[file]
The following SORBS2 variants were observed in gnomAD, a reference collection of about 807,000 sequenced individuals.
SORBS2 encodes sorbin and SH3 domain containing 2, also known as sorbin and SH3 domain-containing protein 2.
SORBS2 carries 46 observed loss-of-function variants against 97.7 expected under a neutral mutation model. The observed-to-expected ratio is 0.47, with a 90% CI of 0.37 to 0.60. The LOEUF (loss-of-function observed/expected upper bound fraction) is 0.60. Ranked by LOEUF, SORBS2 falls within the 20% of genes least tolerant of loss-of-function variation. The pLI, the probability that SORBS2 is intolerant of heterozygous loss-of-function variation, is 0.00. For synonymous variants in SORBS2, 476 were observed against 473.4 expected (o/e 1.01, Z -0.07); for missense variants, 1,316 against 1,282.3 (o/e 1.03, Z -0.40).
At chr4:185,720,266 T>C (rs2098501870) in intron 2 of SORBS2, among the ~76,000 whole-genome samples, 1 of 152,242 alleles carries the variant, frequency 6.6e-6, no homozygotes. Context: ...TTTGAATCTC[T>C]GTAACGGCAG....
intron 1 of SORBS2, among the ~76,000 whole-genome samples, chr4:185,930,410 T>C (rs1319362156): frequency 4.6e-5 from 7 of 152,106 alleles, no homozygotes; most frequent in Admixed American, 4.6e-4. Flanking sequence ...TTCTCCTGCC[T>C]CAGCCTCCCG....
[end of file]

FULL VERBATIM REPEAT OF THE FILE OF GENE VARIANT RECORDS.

The following SORBS2 variants were observed in gnomAD, a reference collection of about 807,000 sequenced individuals.
SORBS2 encodes sorbin and SH3 domain containing 2, also known as sorbin and SH3 domain-containing protein 2.
SORBS2 carries 46 observed loss-of-function variants against 97.7 expected under a neutral mutation model. The observed-to-expected ratio is 0.47, with a 90% CI of 0.37 to 0.60. The LOEUF (loss-of-function observed/expected upper bound fraction) is 0.60. Ranked by LOEUF, SORBS2 falls within the 20% of genes least tolerant of loss-of-function variation. The pLI, the probability that SORBS2 is intolerant of heterozygous loss-of-function variation, is 0.00. For synonymous variants in SORBS2, 476 were observed against 473.4 expected (o/e 1.01, Z -0.07); for missense variants, 1,316 against 1,282.3 (o/e 1.03, Z -0.40).
At chr4:185,720,266 T>C (rs2098501870) in intron 2 of SORBS2, among the ~76,000 whole-genome samples, 1 of 152,242 alleles carries the variant, frequency 6.6e-6, no homozygotes. Context: ...TTTGAATCTC[T>C]GTAACGGCAG....
intron 1 of SORBS2, among the ~76,000 whole-genome samples, chr4:185,930,410 T>C (rs1319362156): frequency 4.6e-5 from 7 of 152,106 alleles, no homozygotes; most frequent in Admixed American, 4.6e-4. Flanking sequence ...TTCTCCTGCC[T>C]CAGCCTCCCG....